The holidays can be a trying time. There’s the dinner parties, and all that awkward small talk with coworkers and extended family. For those needing conversation fodder, the UK’s Royal Statistical Society is here for you with its list of the most intriguing data points of 2018.
In a sign of the times, most of the commended figures are pretty bleak. The top international stat for the year is that more than 90% of the plastic that humans have ever produced has not been recycled, according to figures cited by the organization from Science Advances. How much is that exactly? About 6,300 million metric tons, idling in landfills or dotting our natural environment. That’s an astronomical sum when you consider that plastics were only commercially available on a large scale since the 1950s.
“This statistic helps to show the scale of the challenge we all face,” said the society’s director, David Spiegelhalter, who chaired the judging panel.
The statistical society, which promotes the importance of data, launched the Statistic of the Year award last year. It highlights surprising stories, and the way numbers can illustrate them.
The awards begin with noteworthy statistics nominated by the public. A panel of judges combs through the submissions—it received more than 200 this year—before selecting an international and UK award-winning number, as well as some “highly commended” entries.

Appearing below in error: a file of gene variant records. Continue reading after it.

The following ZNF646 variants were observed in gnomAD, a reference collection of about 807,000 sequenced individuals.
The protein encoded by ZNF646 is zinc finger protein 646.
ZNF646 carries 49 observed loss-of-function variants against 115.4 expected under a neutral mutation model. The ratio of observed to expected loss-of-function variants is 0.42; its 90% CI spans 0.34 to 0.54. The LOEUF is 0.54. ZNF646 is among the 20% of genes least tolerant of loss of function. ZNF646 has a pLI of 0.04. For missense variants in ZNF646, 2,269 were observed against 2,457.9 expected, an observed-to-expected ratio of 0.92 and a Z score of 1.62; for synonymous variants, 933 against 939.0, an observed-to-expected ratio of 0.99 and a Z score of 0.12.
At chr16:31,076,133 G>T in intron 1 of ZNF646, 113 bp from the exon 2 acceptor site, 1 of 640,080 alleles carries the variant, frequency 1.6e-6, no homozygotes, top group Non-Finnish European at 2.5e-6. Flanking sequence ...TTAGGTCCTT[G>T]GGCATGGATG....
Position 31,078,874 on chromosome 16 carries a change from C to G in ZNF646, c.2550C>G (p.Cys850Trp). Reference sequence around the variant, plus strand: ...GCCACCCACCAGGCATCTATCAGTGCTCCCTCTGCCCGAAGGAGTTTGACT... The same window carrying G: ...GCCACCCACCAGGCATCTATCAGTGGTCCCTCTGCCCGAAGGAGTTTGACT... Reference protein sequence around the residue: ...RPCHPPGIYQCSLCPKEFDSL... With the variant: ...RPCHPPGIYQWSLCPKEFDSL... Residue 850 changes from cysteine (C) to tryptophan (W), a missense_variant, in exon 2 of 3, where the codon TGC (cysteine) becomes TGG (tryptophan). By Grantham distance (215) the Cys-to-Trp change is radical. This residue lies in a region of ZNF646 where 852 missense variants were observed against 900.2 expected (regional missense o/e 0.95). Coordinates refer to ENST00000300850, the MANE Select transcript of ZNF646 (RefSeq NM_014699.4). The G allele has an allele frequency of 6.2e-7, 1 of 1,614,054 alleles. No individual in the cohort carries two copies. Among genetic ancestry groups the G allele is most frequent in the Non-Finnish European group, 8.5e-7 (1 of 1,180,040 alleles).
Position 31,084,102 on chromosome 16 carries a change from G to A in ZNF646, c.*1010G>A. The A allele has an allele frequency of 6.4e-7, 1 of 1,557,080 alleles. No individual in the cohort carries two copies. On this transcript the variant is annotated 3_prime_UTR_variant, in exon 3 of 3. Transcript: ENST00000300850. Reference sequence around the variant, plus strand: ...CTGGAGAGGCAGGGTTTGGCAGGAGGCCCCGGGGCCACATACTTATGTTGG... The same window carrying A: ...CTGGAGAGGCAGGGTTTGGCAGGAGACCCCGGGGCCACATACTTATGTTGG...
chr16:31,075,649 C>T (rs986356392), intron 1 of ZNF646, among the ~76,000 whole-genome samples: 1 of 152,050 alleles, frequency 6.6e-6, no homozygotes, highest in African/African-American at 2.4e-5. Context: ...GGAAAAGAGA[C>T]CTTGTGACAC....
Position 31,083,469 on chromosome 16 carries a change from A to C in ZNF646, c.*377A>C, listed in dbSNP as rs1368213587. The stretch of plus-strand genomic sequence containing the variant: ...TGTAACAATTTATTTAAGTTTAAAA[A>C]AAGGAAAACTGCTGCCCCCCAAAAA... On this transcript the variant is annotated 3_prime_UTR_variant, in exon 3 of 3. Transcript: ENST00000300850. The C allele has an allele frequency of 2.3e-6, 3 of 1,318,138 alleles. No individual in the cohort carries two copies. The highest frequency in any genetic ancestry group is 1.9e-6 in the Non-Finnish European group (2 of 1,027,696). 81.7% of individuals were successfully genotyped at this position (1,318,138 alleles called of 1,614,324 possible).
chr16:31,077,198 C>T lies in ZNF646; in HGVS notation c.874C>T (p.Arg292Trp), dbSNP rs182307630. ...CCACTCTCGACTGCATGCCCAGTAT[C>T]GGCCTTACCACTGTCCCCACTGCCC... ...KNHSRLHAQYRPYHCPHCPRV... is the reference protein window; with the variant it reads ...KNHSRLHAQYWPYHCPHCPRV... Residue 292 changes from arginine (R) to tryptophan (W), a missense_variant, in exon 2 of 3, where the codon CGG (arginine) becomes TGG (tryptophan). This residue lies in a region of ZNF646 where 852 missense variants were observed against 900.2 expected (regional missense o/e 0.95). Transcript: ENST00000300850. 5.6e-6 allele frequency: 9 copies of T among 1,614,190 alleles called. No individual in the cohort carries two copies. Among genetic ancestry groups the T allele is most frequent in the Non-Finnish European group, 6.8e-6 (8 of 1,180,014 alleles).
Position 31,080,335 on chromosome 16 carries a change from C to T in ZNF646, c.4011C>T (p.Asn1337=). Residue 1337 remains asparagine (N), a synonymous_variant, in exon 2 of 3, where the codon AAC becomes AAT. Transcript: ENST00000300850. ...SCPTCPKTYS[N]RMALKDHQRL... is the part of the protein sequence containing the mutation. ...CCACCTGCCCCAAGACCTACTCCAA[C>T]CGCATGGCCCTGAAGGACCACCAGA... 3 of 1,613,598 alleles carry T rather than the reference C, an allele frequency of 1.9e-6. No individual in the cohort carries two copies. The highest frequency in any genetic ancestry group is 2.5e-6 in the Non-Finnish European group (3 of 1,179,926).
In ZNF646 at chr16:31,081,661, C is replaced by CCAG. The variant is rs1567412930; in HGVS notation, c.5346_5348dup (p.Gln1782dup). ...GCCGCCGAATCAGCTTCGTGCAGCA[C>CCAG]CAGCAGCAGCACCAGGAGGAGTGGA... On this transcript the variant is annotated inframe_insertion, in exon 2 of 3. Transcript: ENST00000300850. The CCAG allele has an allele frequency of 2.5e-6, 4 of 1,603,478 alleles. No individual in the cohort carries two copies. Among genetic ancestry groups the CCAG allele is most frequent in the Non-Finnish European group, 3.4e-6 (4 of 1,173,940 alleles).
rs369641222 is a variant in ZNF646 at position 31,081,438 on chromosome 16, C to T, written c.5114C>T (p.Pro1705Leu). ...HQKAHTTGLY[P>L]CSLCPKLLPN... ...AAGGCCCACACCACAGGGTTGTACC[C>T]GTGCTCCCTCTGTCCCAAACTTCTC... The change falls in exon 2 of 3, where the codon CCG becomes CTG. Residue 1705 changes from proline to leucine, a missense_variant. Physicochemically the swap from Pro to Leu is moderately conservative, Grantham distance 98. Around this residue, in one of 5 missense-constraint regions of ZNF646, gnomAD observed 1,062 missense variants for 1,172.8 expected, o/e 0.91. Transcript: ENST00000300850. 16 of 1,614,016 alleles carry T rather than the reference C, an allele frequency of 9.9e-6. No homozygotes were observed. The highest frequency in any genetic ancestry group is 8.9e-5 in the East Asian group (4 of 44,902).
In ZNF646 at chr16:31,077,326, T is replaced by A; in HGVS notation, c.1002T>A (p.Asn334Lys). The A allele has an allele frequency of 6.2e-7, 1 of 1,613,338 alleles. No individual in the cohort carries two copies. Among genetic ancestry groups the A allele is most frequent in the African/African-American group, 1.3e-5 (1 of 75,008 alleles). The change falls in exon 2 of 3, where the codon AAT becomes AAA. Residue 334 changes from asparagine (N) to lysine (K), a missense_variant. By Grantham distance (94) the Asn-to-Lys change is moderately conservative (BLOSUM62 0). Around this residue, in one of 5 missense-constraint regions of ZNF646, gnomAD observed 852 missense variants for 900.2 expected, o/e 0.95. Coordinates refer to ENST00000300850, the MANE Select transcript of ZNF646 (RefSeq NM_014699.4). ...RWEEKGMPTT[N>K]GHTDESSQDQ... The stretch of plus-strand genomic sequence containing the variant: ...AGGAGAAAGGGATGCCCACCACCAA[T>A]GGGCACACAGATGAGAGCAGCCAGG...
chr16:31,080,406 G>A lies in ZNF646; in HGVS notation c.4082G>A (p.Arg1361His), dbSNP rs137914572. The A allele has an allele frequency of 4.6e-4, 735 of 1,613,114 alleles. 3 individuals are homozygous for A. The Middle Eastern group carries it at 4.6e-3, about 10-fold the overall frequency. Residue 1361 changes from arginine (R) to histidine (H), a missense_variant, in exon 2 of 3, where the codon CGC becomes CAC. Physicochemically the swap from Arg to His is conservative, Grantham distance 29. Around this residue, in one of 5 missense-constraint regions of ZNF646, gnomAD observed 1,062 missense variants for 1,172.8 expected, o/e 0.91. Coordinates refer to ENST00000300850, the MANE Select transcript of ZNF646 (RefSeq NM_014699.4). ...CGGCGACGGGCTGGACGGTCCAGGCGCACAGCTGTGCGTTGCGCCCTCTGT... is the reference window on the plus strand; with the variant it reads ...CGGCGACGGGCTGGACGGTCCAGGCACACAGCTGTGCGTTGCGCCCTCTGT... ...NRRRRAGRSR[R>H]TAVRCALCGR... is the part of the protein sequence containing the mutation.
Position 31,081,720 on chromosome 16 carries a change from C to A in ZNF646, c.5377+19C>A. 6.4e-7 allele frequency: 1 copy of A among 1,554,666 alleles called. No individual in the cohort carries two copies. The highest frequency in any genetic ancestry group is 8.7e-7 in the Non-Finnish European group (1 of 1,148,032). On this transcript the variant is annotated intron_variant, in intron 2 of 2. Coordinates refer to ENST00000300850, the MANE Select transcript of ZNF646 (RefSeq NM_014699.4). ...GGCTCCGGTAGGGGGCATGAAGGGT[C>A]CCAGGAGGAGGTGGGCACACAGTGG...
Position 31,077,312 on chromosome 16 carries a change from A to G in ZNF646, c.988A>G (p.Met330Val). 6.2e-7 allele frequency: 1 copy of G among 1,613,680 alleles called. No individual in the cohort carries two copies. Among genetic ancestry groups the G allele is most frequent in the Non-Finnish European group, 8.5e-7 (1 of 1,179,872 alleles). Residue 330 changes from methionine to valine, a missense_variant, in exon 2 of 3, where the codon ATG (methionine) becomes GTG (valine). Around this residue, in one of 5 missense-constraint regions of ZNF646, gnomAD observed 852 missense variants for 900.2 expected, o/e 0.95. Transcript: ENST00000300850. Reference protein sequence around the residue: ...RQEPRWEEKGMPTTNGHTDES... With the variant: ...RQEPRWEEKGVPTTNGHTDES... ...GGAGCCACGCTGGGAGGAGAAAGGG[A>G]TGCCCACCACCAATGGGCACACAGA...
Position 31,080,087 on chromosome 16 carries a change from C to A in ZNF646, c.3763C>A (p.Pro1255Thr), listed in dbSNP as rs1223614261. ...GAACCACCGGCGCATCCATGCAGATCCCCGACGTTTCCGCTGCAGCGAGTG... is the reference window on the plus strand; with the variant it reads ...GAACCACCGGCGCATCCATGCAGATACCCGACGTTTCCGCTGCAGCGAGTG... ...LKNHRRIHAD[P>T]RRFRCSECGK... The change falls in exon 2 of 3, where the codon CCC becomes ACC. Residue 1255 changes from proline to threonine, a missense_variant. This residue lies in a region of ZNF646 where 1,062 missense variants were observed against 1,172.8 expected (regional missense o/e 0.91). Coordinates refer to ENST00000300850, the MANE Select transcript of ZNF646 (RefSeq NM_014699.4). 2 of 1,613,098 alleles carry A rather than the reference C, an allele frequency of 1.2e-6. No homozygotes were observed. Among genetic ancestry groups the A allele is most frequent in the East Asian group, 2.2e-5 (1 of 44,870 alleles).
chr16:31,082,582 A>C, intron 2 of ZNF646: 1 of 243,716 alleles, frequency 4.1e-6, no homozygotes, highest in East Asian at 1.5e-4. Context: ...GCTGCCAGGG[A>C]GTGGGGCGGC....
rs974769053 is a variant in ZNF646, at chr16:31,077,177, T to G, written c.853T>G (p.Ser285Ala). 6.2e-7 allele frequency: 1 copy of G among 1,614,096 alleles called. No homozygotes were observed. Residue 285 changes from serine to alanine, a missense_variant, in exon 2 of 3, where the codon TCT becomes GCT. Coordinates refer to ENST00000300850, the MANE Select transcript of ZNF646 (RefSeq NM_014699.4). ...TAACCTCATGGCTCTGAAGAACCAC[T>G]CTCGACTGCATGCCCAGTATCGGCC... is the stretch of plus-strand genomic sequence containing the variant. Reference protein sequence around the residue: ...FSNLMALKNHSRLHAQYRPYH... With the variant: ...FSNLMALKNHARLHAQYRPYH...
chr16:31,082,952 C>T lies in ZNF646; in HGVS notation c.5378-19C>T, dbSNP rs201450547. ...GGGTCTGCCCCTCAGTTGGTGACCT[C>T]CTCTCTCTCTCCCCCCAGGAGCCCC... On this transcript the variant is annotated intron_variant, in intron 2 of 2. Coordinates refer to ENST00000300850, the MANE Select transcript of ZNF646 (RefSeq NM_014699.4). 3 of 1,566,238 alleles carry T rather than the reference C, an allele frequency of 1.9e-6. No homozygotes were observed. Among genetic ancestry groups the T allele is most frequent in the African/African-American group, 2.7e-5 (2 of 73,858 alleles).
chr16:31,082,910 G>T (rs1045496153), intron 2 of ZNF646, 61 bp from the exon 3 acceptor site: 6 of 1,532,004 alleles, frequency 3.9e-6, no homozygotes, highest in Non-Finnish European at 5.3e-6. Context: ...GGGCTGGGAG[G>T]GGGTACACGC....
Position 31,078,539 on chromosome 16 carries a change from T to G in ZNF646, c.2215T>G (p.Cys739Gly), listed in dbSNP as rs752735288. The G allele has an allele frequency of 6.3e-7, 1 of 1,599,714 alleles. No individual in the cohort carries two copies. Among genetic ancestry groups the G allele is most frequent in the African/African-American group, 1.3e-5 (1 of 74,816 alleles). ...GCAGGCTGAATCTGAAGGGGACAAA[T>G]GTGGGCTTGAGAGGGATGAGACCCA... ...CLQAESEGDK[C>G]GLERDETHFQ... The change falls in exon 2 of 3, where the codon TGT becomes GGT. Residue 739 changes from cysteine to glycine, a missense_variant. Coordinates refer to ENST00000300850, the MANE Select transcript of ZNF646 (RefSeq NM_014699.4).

In case you need them at hand next time conversation stalls, here’s a sample:
- 40%: the percentage of Russian males who do not live to age 65—the proposed state pension age for men;
- 64,946: the number of measles cases in Europe from November 2017 to October 2018;
- 6.4%: the percentage of female executive directors within FTSE 250 companies;
- $1.3 billion: the amount wiped off Snapchat’s value within a day of one Kylie Jenner tweet.
It wasn’t all bad news. The UK stat of the year is that solar energy made up 28% of the country’s electricity at its peak on June 30. And 85% of British trains ran on time in 2018 which—if you’re at a dinner party in the UK this year—might just prove the most surprising and divisive data point on the list.